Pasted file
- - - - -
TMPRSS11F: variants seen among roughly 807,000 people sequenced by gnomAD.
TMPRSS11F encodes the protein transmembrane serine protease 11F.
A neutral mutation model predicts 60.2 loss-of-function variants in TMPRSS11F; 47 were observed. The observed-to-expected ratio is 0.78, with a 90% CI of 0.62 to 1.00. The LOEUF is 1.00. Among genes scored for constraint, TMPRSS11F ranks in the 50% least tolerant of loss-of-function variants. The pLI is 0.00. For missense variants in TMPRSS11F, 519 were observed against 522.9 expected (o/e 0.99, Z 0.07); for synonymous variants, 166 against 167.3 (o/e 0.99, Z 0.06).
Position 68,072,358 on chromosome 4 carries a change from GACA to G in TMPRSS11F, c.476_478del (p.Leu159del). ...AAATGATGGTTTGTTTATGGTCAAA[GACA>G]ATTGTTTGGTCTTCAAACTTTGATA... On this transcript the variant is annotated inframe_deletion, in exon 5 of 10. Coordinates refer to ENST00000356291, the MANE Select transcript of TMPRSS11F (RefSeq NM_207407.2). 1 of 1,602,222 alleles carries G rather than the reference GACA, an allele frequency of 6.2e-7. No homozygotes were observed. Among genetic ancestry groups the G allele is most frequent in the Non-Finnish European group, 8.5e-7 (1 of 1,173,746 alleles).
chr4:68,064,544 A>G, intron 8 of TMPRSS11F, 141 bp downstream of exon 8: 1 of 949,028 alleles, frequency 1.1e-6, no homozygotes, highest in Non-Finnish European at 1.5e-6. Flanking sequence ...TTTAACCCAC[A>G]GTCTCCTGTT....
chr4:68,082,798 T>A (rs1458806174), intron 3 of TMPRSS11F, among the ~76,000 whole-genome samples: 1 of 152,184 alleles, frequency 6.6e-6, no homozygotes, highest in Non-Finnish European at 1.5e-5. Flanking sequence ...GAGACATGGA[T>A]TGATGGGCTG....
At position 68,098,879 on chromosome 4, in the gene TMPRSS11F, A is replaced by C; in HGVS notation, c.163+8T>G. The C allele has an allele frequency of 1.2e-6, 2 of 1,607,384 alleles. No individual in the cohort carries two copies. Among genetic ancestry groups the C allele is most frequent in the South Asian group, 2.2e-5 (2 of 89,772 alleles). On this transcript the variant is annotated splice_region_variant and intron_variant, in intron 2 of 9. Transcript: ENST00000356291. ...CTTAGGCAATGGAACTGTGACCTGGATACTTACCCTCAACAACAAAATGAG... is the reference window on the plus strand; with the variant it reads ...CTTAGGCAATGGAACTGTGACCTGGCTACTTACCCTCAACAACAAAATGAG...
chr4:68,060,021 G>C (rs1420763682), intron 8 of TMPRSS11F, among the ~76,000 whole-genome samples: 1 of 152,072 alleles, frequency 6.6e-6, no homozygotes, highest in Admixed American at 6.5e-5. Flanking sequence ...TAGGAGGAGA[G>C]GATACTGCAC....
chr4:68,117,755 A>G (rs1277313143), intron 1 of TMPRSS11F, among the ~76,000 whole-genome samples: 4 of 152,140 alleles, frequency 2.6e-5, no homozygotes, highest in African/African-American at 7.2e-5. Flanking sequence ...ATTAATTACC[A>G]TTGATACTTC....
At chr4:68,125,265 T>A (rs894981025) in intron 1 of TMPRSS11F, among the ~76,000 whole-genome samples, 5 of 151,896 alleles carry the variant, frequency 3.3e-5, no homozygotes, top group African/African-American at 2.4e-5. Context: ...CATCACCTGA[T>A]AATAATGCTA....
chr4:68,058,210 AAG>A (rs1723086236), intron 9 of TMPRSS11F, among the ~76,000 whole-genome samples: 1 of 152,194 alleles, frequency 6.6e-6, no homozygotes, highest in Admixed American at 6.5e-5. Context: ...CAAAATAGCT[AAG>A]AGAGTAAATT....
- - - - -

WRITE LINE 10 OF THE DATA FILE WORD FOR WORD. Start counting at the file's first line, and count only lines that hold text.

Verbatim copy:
At chr4:68,125,265 T>A (rs894981025) in intron 1 of TMPRSS11F, among the ~76,000 whole-genome samples, 5 of 151,896 alleles carry the variant, frequency 3.3e-5, no homozygotes, top group African/African-American at 2.4e-5. Context: ...CATCACCTGA[T>A]AATAATGCTA....